Grewcock became only the second Englishman to be sent off in a Test in a century and a quarter of international business; Mike Burton, the Gloucester prop, preceded him in Sydney 23 years ago. By way of coincidence, it was an Australian referee, Wayne Erickson, who spotted the Saracens lock planting one of his size 12s flush on the head of Anton Oliver, the New Zealand hooker, as a scrum collapsed on the visitors' line.
Ironically, Grewcock's direct opponent, Ian Jones, had subjected the England prop, Graham Rowntree, to even rougher treatment as early as the ninth minute. Erickson missed that particular assault but the television cameras were more on the ball - or, rather, the boot - and Jones was duly cited for foul play by the match commissioner. For the record, Rowntree escaped with two stitches beneath his left eye, which had been in dangerous proximity to Jones's studs.
In the fast, physical and hugely confrontational 30-minute spell before Grewcock fell prey to the red mist, England had proved themselves perfectly capable of standing toe to toe with an unusually fraught and slapdash All Black outfit. Almost as soon as the big middle jumper disappeared down the Carisbrook tunnel, however, the writing appeared on the wall in block capitals. Cullen crossed for two flashing tries and Jonah Lomu contributed one of his trademark human bulldozer efforts to put the New Zealanders out of sight. Seventeen points in something like seven minutes. Thank you, England, and good night.
Cullen's opener was a relatively routine affair, the full-back capitalising on England's retreating seven-man scrum to give Nick Beal the slip around the short side on 31 minutes. His second, five minutes later, was all about pace, the single most precious attribute in modern day Test rugby. Matt Perry, a brave and accomplished last line of defence for England, was rucked off the ball in midfield and before he could regain his feet, Mark Mayerhofler had punted downfield, apparently more in hope than expectation. When Cullen is on fire, however, hope springs eternal; the Wellington man skinned both Beal and Tim Stimpson to register the unlikeliest of tries to the left of the posts.
Yet it was Lomu's virtuoso strike that had the passionate Dunedin audience on its feet. Perry had successfully played David to Jonah's Goliath in the 10th minute and when England's most celebrated nemesis again set sail down the left wing four minutes after Grewcock's dismissal, the Bath full- back tumbled him a second time. On this occasion, though, it was not enough; Lomu was back on his feet in a flash to drag Austin Healey, Ben Clarke and Pat Sanderson - some 45 stones of English beef - over the line at the left flag. In short, it was a case of Cape Town Revisited.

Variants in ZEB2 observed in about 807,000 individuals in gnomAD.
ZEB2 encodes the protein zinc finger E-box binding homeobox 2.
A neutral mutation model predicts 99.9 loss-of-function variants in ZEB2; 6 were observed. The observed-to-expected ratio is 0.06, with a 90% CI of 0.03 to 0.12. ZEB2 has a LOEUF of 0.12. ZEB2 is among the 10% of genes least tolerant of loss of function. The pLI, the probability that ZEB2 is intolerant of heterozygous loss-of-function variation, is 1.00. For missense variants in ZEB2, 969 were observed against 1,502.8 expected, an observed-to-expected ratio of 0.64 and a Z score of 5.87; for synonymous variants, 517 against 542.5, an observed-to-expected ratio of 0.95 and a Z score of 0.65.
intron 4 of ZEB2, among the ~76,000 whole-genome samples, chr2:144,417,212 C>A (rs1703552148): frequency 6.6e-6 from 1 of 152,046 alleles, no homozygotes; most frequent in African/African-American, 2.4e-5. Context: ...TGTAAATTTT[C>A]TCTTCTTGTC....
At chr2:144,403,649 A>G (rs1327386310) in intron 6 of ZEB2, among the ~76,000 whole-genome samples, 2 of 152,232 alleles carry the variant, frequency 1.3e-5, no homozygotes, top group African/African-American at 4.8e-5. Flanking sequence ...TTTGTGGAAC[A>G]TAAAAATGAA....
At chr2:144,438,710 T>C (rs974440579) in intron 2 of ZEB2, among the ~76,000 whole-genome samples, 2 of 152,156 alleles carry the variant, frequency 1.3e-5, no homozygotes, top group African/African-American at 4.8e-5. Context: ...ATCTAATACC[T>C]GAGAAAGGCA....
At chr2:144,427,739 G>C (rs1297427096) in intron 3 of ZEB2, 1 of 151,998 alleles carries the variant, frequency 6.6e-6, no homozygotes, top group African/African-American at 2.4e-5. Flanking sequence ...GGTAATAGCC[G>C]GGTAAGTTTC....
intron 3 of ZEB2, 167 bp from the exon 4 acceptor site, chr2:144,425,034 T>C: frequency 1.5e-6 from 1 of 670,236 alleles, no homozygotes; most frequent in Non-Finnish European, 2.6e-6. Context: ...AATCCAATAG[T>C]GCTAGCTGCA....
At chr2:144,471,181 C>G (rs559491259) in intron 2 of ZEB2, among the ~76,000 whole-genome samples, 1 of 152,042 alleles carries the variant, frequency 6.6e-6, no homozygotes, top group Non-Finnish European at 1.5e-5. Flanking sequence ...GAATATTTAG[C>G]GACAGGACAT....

Even though Richard Cockerill capped the hardest-working display of his England career with a try bang on the interval - fine break from Matt Dawson, wonderful scoring pass from Phil Vickery - the All Blacks headed for the half-time refreshments with the scent of blood in their nostrils. Sure enough, their third-quarter performance was sharp, snappy and to the point as Otago's home-town trio of Randell, Jeff Wilson and Josh Kronfeld posted another five tries.
To their eternal credit, though, England dredged a mighty final 20 from the depths of their souls and restricted the New Zealanders to a single Mayerhofler try just short of the final whistle. In reply, they manufactured scores for Dawson, a genuine inspiration as captain, and Tom Beim, a second- half replacement for the injured Jonny Wilkinson.
It was a desperately hard encounter - there were wild excesses from both sets of forwards, both before and after Grewcock's premature farewell - and if bad blood between the two sides was evident during the game, it was almost tangible as the two camps swapped allegations in a frenzied and ill-tempered aftermath. Next week's second and final Test in Auckland will be no tea party, unless it turns out to be a rehash of the Boston version.
Can England withstand the trials and traumas of Eden Park? Yes, if their pack performs with as much spirit and old-fashioned "dog" as they displayed yesterday. For all that, the All Blacks will go up a gear in Auckland next Saturday. England will have to go up half a dozen just to stand still.
New Zealand: C Cullen (Wellington); J Wilson (Otago), M Mayerhofler (Canterbury), W Little (North Harbour), J Lomu (Counties); A Mehrtens (Canterbury), O Tonu'u (Auckland); C Dowd (Auckland), A Oliver (Otago), O Brown (Auckland), R Brooke (Auckland), I Jones (North Harbour), M Jones (Auckland), T Randell (capt), J Kronfeld (both Otago). Replacements: T Blackadder (Canterbury) for M Jones, 20; M Robinson (North Harbour) for Tonu'u, 61.
England: M Perry (Bath); T Stimpson (Leicester), N Beal (Northampton), J Lewsey (Bristol), A Healey (Leicester); J Wilkinson (Newcastle), M Dawson (Northampton, capt); G Rowntree, R Cockerill (both Leicester), P Vickery (Gloucester), G Archer (Newcastle), D Grewcock (Saracens), B Clarke (Richmond), S Ojomoh (Gloucester), P Sanderson (Sale). Replacements: T Beim (Sale) for Wilkinson, 43; P Greening (Gloucester) for Cockerill, 58; W Green (Wasps) for Vickery, 58; D Sims (Gloucester) for Archer 77.
Referee: W Erickson (Australia).Reuse content